IT Recruiting In Chicago: Consider Workflow And Mindset When Choosing A Hardware Engineer
You may have heard that hardware engineers tend to be discerning and high-functioning analytical thinkers. They like working independently, preferring the traditional “waterfall” process workflow over the somewhat newer “agile” workflow. So it’s no surprise that choosing a hardware engineer can be a challenge for your company.
Discerning your project’s process workflow can help you when choosing hardware engineer for your project and your company.
The waterfall process provides for a regimented workflow. Choosing a hardware engineer who prefers a clearly defined project scope with precise, unchangeable steps toward the final product may not fit well into a company whose project scope will change frequently as the project progresses. It’s the difference between a long-distance runner and a sprinter. They are two different mindsets that bear discernment in the hiring process.
Unpacking The Hardware Engineer Mindset
What Engineers Look For in a Relationship
Before delving into a hardware engineer’s mindset, it’s important to note that agile workflows were created by software business developers. The hardware community hasn’t had to deal with the fact that its requirements can change frequently in the sprint to complete a project at the same pace that software engineers have. So a traditional waterfall or an agile workflow is important to consider when considering the mindset of your potential new employee.
Hardware engineers tend to be specialized hires who simply want hardware that works with their software and compilers that transform one programming code to another with ease. From an engineer’s point of view, you have to know the project’s programming language, its list of project requisites, including what test devices to use.
From a recruiter’s point of view, it’s also important to determine what the project engineer is most comfortable using. If the developer has a background in Android programming, that programmer may not feel that Apple’s programming language, Swift, is a good fit. If the developer is not comfortable using Apple-related hardware, the choices for the project hardware can be a moot point.
So, in an interview with a potential hardware engineer, you can’t simply ask what hardware that programmers like to use. Those choices depend on the prenup that marries the hardware to the task.
Married and a Good Fit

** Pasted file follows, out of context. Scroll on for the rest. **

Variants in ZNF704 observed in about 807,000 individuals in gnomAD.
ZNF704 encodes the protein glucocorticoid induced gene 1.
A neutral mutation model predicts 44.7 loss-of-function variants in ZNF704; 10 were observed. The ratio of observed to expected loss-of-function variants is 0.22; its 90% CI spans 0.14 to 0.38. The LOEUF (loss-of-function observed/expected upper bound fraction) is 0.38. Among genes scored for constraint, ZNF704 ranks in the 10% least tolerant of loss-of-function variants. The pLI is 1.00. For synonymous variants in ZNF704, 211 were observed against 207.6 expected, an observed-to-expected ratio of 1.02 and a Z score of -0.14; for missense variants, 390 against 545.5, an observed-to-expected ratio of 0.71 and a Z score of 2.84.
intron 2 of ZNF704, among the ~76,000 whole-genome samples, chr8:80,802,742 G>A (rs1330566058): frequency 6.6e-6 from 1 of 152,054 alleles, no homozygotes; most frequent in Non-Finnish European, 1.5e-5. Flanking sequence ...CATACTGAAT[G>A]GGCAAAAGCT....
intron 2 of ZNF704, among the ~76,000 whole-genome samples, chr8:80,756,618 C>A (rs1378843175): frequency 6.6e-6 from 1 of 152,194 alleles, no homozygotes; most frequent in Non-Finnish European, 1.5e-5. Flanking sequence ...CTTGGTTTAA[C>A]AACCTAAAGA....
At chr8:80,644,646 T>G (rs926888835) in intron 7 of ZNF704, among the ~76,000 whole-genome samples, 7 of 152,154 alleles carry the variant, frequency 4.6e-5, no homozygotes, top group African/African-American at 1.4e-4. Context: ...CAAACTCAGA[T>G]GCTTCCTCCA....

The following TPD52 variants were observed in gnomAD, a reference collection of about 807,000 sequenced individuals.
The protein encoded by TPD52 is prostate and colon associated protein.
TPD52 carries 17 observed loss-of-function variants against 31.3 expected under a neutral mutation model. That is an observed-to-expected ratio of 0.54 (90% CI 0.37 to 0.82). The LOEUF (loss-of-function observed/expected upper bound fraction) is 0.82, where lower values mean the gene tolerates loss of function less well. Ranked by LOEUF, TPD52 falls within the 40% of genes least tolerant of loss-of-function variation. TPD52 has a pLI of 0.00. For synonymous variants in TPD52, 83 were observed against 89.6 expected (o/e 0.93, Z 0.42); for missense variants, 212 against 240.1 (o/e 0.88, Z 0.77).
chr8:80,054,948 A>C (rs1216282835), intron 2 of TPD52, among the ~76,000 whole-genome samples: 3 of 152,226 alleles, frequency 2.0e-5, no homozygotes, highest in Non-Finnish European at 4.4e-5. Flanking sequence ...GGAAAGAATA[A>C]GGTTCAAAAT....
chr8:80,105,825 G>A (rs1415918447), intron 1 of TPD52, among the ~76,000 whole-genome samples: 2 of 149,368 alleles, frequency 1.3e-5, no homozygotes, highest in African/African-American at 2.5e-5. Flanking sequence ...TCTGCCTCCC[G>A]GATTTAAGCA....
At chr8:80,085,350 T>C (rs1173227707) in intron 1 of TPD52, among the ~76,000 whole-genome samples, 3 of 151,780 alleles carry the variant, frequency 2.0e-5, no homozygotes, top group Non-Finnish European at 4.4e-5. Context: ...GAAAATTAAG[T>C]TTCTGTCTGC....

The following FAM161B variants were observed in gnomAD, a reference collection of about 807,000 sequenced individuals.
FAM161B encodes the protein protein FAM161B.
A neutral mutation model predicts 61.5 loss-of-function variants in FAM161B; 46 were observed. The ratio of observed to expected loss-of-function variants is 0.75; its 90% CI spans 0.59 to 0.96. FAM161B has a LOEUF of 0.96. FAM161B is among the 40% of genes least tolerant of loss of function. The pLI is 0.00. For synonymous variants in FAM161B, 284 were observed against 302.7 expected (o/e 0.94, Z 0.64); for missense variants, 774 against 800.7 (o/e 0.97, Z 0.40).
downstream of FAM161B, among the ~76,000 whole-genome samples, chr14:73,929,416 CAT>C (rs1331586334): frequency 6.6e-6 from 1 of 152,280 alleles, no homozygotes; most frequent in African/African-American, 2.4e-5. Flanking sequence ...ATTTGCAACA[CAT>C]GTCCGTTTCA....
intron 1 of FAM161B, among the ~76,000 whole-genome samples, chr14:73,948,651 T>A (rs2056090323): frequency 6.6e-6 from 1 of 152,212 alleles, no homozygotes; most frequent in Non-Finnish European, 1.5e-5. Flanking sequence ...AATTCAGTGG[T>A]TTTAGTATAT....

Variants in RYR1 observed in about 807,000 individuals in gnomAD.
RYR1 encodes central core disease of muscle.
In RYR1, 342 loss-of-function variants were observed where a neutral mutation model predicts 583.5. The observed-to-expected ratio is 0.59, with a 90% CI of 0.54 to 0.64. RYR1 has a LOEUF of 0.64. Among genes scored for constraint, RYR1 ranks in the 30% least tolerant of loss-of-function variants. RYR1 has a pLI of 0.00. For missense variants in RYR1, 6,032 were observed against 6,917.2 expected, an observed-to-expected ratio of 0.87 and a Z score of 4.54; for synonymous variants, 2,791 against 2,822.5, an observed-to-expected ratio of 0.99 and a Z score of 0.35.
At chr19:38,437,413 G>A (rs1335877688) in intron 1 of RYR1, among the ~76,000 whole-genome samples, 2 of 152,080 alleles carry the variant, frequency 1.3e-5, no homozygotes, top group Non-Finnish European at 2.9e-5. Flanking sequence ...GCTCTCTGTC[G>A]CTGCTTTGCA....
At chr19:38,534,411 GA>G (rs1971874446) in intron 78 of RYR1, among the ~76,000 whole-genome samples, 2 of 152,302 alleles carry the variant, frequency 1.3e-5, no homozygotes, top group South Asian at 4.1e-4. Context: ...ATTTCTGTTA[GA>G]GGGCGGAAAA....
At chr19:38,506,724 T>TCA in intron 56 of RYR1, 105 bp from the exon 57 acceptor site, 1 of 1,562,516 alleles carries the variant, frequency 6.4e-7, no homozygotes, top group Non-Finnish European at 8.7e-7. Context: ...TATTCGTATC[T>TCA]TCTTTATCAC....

Any programmer’s basic hardware setup, once the project is deemed a good fit, includes its Central Processing Unit or CPU, a monitor, a keyboard and a mouse. Depending on the project, the programmer may work on multiple setups. It used to be that programmers had basically two choices: to work in a Windows environment or to work in a Mac environment.
Today, you can program on a Mac, then move the code to a Windows compiler to operate and test the code. One monitor, one virtual machine. It’s virtual eye candy—and for the initiated engineer, oh, so sweet. Like the old adage, “when mama’s happy, everyone’s happy,” a happy hardware engineer makes for a strong marriage with your company.
Consider travel and flexibility when recruiting:
Today’s hardware engineers aren’t stuck in a cubicle for long hours every day (in an ergonomic chair, of course). Today’s programs can be developed anywhere in the world, on multiple devices, 24/7, thanks to the cloud and amazing internal processors like Intel’s Core i7-8700K.
Some programmers prefer laptops or mobile devices so they can travel worldwide for meetings and interface with project and subject matter experts (SMEs) without missing a beat. Others are old school, preferring a desktop computer system with monitors coming in a wide range of sizes and resolutions. Keyboards and mice are either tethered to the monitor or cut free with Bluetooth technology.
Hardware’s not hardwired to the user since it’s married to software. Yet, what figuratively carries the most weight boils down to what kind of CPU is going to see the project through its criteria:
Whether you hire permanently or as an independent contractor, the hardware choices may not matter as much as the programming budget and time constraint. If your hire is working in-house, the project hardware may simply be what’s available in some extraneous cubicle without a window.
So What Ticks the Boxes?